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CHAPTER I AUSTRIAN AMBASSADOR IMPLICATED IN STRIKE PLOTS—HIS RECALL—RAMIFICATIONS OF GERMAN CONSPIRACIES Public absorption in German propaganda was abating when attention became directed to it again from another quarter. An American war correspondent, James F. J. Archibald, a passenger on the liner Rotterdam from New York, who was suspected by the British authorities of being a bearer of dispatches from the German and Austrian... more...

RAOUL BLANCHARD Greatest drama of the war. The Battle of Verdun, which continued through from February 21, 1916, to the 16th of December, ranks next to the Battle of the Marne as the greatest drama of the world war. Like the Marne, it represents the checkmate of a supreme effort on the part of the Germans to end the war swiftly by a thunderstroke. It surpasses the Battle of the Marne by the length of the struggle, the fury with which it was... more...

"Go yourselves, every man of you, and stand in the ranks and either a victory beyond all victories in its glory awaits you, or falling you shall fall greatly, and worthy of your past."—Demosthenes To the Athenians. What lesson will America draw from the present Great War? Must she see the heads of her own children at the foot of the guillotine to realize that it will cut, or will she accept the evidence of the thousands which have lain... more...

BARON BEYENS I Political designs of Francis Ferdinand. The Archduke Francis Ferdinand will go down to posterity without having yielded up his secret. Great political designs have been ascribed to him, mainly on the strength of his friendship with William II. What do we really know about him? He was strong-willed and obstinate, very Clerical, very Austrian, disliking the Hungarians to such an extent that he kept their statesmen at arm's-length,... more...

A DESTROYER IN ACTIVE SERVICE BY AN AMERICAN OFFICER April 7. War accepted with equanimity. Life on a destroyer is simple. Well, I must confess that, even after war has been declared, the skies haven't fallen and oysters taste just the same. I never would have dreamed that so big a step would be accepted with so much equanimity. It is due to two causes, I think. First, because we have trembled on the verge so long and sort of dabbled our... more...


CHAPTER I DESTRUCTION MARKS THE GERMAN RETREAT—THE FRENCH CAPTURE SOISSONS, FISMES, AND IMPORTANT POSITIONS—THE BRITISH WIN GREAT VICTORIES NEAR ALBERT The continued advance of the Allies in the first days of August, 1918, along the front from Soissons to Rheims was a decisive blow to the German hopes of gaining Paris; the capital was no longer threatened. The hard-pressed foe was now forced to retreat hurriedly on all sides of the Marne... more...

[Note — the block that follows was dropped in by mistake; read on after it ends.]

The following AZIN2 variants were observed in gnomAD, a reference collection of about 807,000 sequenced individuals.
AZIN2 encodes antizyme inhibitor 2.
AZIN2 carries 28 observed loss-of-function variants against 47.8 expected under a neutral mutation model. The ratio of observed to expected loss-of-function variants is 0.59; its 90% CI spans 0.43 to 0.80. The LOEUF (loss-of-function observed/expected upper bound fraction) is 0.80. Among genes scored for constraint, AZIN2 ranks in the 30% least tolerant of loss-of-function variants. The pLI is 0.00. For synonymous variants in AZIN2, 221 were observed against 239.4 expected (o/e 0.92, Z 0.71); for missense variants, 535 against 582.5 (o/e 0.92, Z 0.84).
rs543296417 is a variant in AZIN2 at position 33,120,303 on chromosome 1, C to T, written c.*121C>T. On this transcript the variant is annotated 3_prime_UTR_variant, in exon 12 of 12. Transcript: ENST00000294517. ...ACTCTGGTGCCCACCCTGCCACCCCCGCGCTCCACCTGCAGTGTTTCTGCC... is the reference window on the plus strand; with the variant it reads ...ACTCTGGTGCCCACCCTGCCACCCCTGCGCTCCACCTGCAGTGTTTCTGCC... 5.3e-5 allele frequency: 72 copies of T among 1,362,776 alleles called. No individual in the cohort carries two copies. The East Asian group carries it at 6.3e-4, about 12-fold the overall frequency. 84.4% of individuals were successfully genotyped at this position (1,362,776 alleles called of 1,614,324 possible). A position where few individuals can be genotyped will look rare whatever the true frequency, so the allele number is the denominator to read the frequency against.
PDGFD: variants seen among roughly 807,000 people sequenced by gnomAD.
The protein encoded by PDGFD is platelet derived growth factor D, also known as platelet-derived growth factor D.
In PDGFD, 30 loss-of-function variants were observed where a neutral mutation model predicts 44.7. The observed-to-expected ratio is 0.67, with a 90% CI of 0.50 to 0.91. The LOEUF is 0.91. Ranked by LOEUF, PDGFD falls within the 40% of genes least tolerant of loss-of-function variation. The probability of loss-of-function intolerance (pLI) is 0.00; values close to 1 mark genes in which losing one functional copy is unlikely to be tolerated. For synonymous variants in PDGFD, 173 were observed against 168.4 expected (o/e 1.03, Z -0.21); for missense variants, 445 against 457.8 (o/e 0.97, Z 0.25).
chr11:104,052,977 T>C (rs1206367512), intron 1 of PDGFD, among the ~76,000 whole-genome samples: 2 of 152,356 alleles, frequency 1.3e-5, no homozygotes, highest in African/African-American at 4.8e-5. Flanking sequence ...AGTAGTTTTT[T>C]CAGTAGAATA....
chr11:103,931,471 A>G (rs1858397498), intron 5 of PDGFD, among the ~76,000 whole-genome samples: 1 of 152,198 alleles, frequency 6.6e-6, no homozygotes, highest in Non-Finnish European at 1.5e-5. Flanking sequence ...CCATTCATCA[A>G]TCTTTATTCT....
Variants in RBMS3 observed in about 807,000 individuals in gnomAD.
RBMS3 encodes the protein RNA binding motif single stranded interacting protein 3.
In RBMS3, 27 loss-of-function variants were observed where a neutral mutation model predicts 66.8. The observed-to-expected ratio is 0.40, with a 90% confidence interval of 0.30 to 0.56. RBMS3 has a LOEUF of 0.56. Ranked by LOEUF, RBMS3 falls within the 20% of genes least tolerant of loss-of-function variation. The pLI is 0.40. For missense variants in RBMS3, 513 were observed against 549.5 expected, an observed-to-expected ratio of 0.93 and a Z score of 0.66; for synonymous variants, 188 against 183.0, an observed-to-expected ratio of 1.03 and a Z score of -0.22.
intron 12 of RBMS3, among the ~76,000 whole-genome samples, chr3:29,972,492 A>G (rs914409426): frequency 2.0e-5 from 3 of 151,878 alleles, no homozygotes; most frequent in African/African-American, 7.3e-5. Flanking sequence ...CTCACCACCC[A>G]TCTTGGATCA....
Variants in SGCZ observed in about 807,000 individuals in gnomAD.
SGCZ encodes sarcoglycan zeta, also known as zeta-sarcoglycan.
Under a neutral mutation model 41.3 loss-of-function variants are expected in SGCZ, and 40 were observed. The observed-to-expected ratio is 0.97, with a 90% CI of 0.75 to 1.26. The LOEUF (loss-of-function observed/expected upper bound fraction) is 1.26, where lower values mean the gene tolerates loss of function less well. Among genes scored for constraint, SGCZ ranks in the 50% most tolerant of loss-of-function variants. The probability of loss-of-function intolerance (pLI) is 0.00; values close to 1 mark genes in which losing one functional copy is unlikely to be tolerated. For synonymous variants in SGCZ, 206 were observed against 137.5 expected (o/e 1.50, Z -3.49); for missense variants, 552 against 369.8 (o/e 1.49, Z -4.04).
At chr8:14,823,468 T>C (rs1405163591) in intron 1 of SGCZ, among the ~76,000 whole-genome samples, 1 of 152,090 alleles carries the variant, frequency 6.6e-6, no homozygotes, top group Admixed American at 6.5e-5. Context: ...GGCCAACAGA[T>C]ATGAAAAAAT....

CHAPTER I THE FRANCO-BRITISH FORCES VICTORIOUS AT YPRES—GERMANS LOSE GROUND AT LENS On August 1, 1917, the second day of the Franco-British offensive in Flanders, Field Marshal Haig's troops delivered a counterattack at a late hour of the night against the Germans north of Frezenberg, and close to the Ypres-Roulers railway. The assault, made through heavy rain that transformed the battle field into a morass, was a complete success, the... more...

PREPARATIONS FOR AN OFFENSIVE During the greater part of the winter of 1914-15, the fighting along the western front had been almost constant, but had resulted in little that either side could justly assert to be a success. The rigors inevitable in such a mode of warfare had become almost beyond human endurance, and commanders on both sides looked forward to a more active campaign. An immense amount of ammunition had been stored by the French... more...

CHAPTER I RENEWED TURKISH ATTEMPTS The leaders of the Turkish troops had been hard at work arousing the fanaticism of the Turkish soldiery against the British foe before the next day's battle began. It is due these noisy "Holy Warriors" that sentries of the Fifth Egyptian Field Battery were warned of the near presence of the enemy. The Indian troops now took the offensive, supported by the warships and mountain and field artillery. The... more...

CHAPTER I CAMPAIGN IN THE CAUCASUS Disquieting as was the British offensive in Mesopotamia, the Turkish General Staff were not to be drawn by it from considerations of larger strategy. Acting in agreement with the German and Austrian General Staffs, plans were rapidly pushed for an aggressive offensive in the Caucasus, that old-time battling ground of the Russians and the Turks. Germany was being hotly pressed in France by the armies of... more...